An island or isle is any piece of sub-continental land that is surrounded by water. It is believed that there are over 100,000 islands in the world. It’s difficult to put a figure to the exact number as there are different kinds of them in various water bodies including oceans, seas, lakes, and rivers. There is even an island within a lake that is situated on an island located in a lake on an island. Only 322 of them are larger than 1000 km2 (386 sq mi). Here are the top 18 largest islands on Earth. Why 18? Because this is the number of islands that have a land area of greater than 100,000 square kilometers (38,610 square miles).
Continue reading Top 18 Largest Islands on Earth
The sea ice cover blanketing the Arctic Ocean and nearby seas thickens and expands during the fall and winter each year. It reaches its maximum yearly extent in February or March. This year (2018), on March 17, the Arctic sea ice cover peaked at only 5.59 million square miles (14,478,033.54 km2), the 2nd lowest max on record. It is only about 23,200 square miles (60,000 square kilometers) larger than the record low maximum reached in last year, on March 7, 2017.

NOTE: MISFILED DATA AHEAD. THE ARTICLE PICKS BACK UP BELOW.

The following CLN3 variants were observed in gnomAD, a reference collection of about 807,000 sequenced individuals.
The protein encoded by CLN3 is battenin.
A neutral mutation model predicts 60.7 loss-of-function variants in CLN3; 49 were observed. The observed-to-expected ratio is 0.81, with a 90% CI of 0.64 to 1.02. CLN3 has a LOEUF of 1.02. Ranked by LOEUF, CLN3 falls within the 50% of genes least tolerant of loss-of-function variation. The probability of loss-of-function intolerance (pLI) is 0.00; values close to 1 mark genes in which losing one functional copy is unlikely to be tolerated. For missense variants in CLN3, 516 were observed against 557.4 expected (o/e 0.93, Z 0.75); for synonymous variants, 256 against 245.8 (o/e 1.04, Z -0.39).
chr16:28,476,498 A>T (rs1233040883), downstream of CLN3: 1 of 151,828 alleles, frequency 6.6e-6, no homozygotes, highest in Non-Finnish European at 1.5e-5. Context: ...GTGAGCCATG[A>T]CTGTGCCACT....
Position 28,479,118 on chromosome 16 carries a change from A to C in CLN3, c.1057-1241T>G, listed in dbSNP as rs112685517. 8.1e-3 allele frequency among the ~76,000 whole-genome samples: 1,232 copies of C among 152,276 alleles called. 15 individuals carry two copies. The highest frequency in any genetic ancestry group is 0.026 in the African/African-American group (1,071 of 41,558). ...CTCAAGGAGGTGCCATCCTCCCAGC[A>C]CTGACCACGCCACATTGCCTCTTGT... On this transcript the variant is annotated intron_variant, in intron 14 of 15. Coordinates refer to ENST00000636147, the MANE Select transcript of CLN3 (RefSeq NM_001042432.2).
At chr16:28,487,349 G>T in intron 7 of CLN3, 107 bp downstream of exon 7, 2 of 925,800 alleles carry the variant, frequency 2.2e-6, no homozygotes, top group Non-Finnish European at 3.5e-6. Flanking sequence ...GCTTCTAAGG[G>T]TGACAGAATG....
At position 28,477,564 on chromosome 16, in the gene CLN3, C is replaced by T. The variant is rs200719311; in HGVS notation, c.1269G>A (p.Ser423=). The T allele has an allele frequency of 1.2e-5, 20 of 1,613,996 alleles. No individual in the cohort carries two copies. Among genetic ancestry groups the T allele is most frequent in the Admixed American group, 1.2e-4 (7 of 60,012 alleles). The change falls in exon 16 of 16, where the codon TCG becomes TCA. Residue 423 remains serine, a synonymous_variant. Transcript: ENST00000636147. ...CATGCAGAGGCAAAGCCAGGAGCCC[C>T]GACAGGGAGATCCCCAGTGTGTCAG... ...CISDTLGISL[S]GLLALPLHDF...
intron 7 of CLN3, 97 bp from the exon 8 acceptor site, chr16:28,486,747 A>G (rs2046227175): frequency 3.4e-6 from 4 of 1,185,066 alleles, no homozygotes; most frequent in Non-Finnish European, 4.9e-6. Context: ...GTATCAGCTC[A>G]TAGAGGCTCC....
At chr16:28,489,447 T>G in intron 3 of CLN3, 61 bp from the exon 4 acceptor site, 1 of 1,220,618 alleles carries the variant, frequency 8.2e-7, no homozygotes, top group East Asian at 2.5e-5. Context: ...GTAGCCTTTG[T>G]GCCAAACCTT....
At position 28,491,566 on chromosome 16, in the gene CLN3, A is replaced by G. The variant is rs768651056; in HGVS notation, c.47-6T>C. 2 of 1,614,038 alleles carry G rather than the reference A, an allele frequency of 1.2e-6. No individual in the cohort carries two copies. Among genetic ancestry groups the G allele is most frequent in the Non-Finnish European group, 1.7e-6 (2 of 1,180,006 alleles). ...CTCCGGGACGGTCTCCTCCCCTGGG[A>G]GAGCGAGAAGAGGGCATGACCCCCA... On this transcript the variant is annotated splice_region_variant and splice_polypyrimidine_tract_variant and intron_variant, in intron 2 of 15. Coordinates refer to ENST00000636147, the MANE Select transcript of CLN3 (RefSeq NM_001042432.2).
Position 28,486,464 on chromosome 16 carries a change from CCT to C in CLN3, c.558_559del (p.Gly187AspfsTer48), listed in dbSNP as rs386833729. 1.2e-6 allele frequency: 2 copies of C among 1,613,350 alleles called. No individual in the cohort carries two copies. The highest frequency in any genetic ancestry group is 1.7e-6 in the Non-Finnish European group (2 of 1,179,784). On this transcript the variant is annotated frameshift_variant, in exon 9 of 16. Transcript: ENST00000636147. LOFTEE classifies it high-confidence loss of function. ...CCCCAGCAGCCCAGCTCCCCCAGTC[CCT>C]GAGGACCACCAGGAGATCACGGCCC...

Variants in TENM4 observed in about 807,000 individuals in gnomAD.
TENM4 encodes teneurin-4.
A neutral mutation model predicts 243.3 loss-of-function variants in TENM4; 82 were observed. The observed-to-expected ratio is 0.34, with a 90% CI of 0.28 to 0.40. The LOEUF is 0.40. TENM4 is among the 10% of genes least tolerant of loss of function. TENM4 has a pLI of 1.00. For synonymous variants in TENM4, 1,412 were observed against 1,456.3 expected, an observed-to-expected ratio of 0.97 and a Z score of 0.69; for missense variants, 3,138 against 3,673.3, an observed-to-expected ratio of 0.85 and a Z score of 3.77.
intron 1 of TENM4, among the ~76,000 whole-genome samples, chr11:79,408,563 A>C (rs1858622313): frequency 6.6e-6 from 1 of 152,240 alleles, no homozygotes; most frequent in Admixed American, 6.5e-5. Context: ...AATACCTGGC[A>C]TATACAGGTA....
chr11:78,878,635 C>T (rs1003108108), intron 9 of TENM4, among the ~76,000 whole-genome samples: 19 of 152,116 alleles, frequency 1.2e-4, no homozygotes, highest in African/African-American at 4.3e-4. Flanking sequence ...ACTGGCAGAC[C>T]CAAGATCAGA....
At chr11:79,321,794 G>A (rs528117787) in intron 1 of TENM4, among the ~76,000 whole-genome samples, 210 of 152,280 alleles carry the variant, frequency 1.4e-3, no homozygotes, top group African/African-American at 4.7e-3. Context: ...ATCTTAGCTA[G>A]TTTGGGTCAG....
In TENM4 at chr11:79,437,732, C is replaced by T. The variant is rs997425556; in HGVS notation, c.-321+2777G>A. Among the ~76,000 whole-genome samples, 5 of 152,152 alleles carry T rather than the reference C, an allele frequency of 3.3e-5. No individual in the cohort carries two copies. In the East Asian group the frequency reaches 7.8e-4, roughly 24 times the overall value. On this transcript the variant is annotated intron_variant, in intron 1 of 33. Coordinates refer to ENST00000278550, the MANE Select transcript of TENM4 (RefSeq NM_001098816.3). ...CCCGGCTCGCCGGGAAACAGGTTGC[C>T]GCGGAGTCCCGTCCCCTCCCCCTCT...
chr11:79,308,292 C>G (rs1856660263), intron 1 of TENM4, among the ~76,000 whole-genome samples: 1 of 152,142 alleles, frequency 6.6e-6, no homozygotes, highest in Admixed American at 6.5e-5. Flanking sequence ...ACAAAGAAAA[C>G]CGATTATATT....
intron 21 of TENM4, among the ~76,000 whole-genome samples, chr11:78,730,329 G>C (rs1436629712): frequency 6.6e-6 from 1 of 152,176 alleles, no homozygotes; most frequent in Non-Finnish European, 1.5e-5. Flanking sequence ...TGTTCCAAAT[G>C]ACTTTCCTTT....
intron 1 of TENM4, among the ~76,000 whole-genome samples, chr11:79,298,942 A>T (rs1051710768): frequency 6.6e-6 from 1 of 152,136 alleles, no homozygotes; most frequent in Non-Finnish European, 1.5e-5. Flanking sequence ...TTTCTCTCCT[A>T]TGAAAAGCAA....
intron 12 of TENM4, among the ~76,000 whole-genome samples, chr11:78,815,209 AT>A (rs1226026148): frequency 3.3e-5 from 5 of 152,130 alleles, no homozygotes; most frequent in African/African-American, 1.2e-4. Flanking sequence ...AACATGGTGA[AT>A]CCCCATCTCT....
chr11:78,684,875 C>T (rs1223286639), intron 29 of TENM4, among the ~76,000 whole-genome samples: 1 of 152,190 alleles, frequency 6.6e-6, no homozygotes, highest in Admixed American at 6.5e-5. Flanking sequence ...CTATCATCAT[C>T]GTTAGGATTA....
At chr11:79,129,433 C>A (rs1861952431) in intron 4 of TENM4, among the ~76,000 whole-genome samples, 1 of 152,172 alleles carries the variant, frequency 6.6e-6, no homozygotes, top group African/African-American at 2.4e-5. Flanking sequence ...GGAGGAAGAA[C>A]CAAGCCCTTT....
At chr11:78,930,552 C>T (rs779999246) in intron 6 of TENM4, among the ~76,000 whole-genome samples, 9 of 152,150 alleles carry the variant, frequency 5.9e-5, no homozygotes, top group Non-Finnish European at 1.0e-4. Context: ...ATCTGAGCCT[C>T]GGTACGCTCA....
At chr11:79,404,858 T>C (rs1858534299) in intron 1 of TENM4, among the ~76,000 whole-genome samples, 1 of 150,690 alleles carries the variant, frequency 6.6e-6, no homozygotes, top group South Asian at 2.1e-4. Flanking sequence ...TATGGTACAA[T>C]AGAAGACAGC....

This continues a trend of shrinking sea ice, with the four lowest Arctic sea ice maximum extents on record in the last four years. In the video published by the NASA Goddard Channel, Climatologist, and NASA Aqua Project scientist Dr. Claire Parkinson explains how and why NASA studies Arctic sea ice. Dr. Parkinson has been studying sea ice from space for the past four decades.
Continue reading 2018 Arctic Wintertime Sea Ice Extent is the Second Lowest On Record
How far away can you get from everybody else on Earth? A video, published by RealLifeLore channel on YouTube answers this very question. The answer is “actually quite far”, there are a lot of extremely remote places left in the world and some of them have actually yet to be reached by anybody in all of history. The world is an enormous place. Here are the most remote places on Earth.
Continue reading Most Remote Places on Earth
“Let’s imagine that you have been suddenly teleported to the following locations, and then, imagine how or if you would escape.”